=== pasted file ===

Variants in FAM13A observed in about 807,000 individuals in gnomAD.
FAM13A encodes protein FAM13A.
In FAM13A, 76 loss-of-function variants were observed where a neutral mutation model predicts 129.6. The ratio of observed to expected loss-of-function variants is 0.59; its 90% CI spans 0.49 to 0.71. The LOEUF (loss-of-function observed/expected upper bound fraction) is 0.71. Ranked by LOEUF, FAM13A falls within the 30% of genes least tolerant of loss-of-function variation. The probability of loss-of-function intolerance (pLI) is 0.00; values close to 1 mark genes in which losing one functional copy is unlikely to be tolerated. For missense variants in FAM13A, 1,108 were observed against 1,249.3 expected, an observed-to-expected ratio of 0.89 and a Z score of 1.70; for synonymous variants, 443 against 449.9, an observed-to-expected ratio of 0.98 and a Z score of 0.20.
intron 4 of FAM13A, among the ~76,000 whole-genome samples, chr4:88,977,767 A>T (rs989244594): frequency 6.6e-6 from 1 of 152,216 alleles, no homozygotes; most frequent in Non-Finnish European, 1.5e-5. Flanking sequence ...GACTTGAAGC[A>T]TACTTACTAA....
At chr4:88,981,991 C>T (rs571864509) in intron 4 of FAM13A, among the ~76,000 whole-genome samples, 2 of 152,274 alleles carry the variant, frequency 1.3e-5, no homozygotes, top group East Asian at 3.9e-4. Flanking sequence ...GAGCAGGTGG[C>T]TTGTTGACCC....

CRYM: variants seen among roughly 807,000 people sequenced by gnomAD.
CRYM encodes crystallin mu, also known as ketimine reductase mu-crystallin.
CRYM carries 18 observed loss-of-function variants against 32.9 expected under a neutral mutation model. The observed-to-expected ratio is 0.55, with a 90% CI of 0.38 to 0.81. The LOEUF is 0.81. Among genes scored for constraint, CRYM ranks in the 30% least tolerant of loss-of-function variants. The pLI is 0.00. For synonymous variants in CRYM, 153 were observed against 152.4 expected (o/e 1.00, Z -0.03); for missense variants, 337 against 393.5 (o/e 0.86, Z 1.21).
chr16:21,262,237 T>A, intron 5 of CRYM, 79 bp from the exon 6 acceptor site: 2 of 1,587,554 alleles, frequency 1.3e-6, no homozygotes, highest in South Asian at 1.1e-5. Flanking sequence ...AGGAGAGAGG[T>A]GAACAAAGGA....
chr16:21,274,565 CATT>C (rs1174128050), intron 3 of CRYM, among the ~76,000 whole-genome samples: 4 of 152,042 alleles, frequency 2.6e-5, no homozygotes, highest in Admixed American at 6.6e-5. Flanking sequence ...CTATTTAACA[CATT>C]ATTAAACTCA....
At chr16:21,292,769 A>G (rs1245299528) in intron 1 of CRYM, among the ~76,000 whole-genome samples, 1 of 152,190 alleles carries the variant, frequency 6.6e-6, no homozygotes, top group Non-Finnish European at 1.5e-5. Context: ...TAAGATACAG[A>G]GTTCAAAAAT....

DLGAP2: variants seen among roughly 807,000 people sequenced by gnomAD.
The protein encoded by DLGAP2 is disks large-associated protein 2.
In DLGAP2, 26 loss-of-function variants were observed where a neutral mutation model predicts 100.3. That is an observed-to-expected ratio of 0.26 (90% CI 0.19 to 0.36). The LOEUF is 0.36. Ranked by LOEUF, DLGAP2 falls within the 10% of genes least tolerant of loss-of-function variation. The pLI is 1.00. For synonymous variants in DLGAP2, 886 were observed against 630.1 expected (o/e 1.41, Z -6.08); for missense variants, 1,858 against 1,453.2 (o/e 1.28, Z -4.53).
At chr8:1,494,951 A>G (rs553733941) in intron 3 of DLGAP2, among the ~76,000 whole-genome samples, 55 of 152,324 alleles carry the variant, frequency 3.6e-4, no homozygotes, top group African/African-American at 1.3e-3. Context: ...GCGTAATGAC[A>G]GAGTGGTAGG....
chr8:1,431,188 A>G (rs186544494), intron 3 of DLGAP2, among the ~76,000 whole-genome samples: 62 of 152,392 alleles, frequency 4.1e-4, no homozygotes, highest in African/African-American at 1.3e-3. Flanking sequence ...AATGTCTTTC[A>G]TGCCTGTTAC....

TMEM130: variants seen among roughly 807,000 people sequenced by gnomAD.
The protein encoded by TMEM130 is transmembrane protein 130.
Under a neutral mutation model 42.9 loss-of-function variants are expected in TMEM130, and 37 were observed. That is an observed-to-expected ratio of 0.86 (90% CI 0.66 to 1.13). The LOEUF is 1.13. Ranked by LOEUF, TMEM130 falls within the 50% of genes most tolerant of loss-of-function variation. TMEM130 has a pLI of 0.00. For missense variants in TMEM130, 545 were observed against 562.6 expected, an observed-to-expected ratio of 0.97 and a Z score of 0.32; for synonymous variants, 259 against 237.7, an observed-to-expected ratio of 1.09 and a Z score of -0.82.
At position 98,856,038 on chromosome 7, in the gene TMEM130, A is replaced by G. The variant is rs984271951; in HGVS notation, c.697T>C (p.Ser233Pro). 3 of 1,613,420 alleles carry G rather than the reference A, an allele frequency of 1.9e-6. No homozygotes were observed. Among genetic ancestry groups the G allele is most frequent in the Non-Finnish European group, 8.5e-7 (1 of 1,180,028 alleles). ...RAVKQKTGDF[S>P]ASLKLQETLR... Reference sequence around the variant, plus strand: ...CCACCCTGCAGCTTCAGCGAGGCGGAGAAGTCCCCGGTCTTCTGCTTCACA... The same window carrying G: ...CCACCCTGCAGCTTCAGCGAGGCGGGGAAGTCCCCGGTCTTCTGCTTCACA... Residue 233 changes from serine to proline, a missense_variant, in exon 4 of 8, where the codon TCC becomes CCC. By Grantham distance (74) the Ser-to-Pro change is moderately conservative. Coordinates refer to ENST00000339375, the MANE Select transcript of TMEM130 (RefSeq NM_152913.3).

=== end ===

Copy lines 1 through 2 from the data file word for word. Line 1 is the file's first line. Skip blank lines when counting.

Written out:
Variants in FAM13A observed in about 807,000 individuals in gnomAD.
FAM13A encodes protein FAM13A.